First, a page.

Ecological Surveys – These must be carried out early on in the planning process, and a long time before planning permission can be granted. In ecological surveys, ecological consultants can provide the local planning authority with ideas on ways the impact of the project on habitats and wildlife can be mitigated. You may discover through tree surveys in a planning application, for example, that there are planning constraints due to the trees within the boundary lines of your property or development site.
Ecological Restauration Guidance – Building projects can potentially destroy complex interdependent ecosystems and natural habitats that were present prior to the development. Restauration guidance provides suggestions on how biodiversity and ecosystems can be restored and flourish post development.
Why Do Local Planning Authorities Require an Ecological Assessment to Grant Planning Permission?
Local planning authorities have to take in account what are known as material considerations when making a decision on a planning application. And several of the material considerations that planning authorities have to take into consideration in planning applications relate to environmental and ecological issues present on the site of the project such as:
- Nature Conservation,
- The effect of the project on listed buildings and conservation areas,
Therefore, if a development is deemed by a consultancy’s ecological survey reports to have a negative impact on the natural environment and local wildlife both on and off site, it is likely that the local planning authority will choose to reject the planning permission application.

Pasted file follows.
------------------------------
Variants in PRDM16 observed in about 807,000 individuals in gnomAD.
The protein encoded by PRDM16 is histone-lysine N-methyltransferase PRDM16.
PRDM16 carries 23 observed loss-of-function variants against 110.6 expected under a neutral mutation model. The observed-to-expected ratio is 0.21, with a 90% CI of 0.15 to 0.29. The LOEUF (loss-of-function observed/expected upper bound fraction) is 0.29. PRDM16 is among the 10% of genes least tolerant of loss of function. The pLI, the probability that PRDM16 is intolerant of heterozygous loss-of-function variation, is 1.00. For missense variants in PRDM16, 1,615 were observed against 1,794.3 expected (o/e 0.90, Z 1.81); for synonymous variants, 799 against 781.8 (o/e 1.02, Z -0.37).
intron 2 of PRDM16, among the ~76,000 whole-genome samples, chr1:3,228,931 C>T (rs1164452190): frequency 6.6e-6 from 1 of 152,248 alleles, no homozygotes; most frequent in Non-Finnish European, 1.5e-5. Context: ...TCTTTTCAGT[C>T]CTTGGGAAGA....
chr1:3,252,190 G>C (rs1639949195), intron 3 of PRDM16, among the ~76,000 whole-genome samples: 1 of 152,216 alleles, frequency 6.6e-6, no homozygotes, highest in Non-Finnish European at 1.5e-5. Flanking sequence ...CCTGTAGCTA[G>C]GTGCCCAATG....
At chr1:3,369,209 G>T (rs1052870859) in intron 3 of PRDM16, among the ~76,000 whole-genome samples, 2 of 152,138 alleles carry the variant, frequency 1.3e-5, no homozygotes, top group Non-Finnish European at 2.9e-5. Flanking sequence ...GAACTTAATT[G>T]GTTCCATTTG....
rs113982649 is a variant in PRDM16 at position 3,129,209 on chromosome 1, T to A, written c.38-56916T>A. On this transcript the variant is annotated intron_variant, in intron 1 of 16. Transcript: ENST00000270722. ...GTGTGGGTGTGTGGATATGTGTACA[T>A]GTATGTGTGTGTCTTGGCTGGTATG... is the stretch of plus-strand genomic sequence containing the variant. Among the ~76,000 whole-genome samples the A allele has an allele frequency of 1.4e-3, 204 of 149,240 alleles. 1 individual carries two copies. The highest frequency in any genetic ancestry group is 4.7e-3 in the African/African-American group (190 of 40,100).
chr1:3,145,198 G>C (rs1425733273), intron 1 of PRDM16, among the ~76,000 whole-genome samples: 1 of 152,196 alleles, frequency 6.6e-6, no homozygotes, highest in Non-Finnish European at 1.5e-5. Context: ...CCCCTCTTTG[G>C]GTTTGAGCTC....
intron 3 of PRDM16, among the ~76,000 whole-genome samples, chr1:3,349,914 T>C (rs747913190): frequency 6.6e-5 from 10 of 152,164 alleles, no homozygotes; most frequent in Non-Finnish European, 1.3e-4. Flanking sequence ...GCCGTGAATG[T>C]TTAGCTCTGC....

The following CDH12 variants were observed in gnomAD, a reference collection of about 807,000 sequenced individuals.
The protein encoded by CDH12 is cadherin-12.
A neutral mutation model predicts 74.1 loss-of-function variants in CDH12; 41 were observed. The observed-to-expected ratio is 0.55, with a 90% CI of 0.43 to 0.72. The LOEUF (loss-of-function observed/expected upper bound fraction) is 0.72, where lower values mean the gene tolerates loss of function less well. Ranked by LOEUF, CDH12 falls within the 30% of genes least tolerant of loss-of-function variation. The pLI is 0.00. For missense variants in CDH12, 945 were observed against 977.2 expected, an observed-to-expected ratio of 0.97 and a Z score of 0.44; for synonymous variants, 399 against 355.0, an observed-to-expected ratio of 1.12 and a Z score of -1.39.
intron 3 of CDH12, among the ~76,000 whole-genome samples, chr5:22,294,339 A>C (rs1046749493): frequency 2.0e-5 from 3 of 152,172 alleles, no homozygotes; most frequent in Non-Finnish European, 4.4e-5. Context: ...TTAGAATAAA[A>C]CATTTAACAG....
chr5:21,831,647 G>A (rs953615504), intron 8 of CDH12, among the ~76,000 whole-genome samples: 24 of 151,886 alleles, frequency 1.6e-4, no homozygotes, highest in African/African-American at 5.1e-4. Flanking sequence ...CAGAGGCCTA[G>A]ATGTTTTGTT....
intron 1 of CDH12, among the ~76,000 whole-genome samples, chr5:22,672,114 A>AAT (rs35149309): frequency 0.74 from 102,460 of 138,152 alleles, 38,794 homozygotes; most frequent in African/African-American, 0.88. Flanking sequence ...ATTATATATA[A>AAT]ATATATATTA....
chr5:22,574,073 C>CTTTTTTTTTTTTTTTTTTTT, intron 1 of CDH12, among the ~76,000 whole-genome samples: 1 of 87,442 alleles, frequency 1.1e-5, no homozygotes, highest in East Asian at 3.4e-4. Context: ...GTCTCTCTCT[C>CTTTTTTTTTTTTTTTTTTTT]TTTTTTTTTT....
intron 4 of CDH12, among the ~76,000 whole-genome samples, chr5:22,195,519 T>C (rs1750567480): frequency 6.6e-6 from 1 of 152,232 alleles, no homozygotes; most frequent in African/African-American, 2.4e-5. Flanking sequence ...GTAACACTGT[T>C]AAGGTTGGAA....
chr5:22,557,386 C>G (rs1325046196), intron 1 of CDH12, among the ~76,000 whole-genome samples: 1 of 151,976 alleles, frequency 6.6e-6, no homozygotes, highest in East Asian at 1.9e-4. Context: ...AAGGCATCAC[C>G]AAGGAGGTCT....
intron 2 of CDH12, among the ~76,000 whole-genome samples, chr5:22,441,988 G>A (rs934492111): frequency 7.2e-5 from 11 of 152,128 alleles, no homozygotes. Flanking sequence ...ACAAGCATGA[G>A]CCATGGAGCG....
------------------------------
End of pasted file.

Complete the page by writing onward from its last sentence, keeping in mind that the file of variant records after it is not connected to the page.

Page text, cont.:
How Do You Find an Ecological Consultancy That You Can Trust?
If you are a homeowner or a developer and you are currently looking to hire the services of a reliable ecological consultancy, you can look through the CIEEM (The Chartered Institute of Ecology and Environmental Management) Registered Practices Directory, and type in your postcode to find one near you.
You should be aware that getting in the services of an ecological consultancy to help with your planning application will certainly not be cheap. However, the money you have spent on paying for surveys and reports for a consultancy will be a worthwhile investment if it helps you to achieve your goal of successfully getting a planning application granted by the local planning authority. It is a good idea to get 3 or more quotes from different Ecological Consultancies. But you want to employ the consultancy you feel will provide you with the best service, which may not necessarily be the cheapest option.
If you are unsure about whether you can rely on an ecological consultancy, try and see if you can have a look at the previous work it has done for customers in the past. Perhaps browse through the customer reviews online and look at what previous customers have said in their feedback on the service they received from the ecological consultancy you are interested in employing.
Ecological consultancies are essential businesses offering professional research and surveys to give you key advice on ecological matters. They will be able to tell you whether or not it is viable for you to push for planning permission on a specific site, or if it’s unrealistic it will be granted by the local planning authority given the destruction the project will cause to the natural environment or conservation area the site lies on.